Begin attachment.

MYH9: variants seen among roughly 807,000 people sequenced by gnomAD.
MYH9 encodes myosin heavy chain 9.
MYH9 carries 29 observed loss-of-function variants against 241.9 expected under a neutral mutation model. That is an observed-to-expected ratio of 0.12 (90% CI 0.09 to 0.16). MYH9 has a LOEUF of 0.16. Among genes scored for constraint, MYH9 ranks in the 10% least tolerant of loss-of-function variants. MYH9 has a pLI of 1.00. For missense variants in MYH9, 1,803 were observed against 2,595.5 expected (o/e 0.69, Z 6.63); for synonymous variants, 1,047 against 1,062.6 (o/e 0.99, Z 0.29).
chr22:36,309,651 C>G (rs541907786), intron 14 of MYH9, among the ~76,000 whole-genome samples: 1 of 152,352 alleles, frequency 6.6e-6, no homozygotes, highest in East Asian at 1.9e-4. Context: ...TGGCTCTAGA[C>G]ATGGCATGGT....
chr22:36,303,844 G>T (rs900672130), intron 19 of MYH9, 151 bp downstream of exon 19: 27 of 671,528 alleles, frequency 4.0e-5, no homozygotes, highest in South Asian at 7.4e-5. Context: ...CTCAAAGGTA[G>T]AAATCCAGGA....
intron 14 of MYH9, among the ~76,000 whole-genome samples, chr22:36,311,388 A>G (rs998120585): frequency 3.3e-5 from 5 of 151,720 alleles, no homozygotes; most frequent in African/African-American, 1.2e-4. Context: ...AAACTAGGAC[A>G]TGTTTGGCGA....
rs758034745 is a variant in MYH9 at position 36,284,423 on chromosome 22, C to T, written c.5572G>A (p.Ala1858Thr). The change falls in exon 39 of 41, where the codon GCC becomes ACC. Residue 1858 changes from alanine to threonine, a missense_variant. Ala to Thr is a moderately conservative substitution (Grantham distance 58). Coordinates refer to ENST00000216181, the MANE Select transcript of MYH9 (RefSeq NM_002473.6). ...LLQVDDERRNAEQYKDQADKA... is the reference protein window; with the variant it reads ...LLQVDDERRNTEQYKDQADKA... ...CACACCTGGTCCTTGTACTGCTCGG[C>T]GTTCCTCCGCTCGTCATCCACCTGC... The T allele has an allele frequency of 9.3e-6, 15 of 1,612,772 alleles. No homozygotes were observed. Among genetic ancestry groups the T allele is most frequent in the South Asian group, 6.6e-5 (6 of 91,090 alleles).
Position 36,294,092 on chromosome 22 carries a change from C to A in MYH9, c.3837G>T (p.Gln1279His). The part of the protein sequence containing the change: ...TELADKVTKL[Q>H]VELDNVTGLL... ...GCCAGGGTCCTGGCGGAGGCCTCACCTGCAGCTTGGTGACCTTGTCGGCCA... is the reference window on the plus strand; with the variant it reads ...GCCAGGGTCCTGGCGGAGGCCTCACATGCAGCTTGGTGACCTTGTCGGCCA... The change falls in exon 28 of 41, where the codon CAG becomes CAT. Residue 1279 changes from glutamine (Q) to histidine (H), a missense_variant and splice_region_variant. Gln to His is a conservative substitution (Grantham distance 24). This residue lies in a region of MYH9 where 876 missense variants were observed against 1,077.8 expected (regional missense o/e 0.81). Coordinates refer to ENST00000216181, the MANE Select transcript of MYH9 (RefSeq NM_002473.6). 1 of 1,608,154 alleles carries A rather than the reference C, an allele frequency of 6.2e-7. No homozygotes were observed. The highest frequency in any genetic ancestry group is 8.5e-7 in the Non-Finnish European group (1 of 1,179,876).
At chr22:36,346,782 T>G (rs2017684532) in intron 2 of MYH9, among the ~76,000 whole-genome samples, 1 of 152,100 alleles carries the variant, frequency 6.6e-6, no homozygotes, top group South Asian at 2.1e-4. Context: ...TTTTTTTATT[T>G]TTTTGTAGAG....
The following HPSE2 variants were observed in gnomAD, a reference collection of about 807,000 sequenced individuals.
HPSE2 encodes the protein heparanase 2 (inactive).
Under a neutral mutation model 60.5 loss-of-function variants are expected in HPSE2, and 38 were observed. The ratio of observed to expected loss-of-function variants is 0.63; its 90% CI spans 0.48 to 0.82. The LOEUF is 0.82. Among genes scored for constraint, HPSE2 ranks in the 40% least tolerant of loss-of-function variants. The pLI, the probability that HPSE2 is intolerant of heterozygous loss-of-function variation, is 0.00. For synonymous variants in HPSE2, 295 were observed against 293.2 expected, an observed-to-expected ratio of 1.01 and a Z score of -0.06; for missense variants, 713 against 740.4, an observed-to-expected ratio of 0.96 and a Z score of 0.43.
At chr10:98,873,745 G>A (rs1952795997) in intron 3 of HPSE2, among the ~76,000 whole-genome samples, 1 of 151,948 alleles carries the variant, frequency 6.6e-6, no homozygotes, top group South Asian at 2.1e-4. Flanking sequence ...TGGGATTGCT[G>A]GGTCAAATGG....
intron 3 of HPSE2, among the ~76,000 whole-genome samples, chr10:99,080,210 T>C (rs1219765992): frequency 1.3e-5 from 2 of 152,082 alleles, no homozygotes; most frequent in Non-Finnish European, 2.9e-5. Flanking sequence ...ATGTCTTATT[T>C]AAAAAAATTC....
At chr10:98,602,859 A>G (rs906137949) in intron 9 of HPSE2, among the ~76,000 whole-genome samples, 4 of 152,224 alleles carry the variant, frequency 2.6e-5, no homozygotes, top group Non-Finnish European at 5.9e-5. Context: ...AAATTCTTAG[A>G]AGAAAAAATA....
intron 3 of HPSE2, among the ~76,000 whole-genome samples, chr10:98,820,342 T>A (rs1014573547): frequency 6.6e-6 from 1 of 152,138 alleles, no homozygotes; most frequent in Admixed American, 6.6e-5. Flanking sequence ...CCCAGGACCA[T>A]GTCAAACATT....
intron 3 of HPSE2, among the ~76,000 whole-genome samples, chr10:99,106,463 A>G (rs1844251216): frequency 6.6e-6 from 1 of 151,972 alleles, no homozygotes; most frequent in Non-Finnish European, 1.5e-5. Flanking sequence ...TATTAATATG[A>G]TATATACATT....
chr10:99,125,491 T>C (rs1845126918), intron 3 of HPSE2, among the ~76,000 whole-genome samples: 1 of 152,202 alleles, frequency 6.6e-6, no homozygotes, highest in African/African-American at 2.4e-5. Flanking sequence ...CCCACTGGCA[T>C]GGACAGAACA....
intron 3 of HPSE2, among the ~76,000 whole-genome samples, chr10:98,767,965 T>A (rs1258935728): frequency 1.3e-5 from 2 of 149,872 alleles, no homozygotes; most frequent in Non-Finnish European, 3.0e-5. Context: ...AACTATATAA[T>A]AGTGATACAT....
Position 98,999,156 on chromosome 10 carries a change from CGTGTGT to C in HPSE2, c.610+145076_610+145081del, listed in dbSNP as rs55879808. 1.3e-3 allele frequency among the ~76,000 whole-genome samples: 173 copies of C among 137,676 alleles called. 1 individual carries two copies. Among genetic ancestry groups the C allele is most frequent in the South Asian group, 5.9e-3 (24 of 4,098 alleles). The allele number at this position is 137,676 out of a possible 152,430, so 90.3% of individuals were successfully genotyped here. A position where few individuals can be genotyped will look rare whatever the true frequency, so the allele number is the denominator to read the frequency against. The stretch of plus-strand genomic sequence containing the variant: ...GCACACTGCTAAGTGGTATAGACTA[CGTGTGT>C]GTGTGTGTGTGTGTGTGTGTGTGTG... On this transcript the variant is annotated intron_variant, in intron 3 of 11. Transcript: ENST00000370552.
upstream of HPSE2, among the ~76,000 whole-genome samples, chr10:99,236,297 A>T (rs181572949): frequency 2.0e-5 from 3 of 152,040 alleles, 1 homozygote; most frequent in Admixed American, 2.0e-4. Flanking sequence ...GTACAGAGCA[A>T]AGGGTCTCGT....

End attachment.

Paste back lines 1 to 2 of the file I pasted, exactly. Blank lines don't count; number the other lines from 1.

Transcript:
MYH9: variants seen among roughly 807,000 people sequenced by gnomAD.
MYH9 encodes myosin heavy chain 9.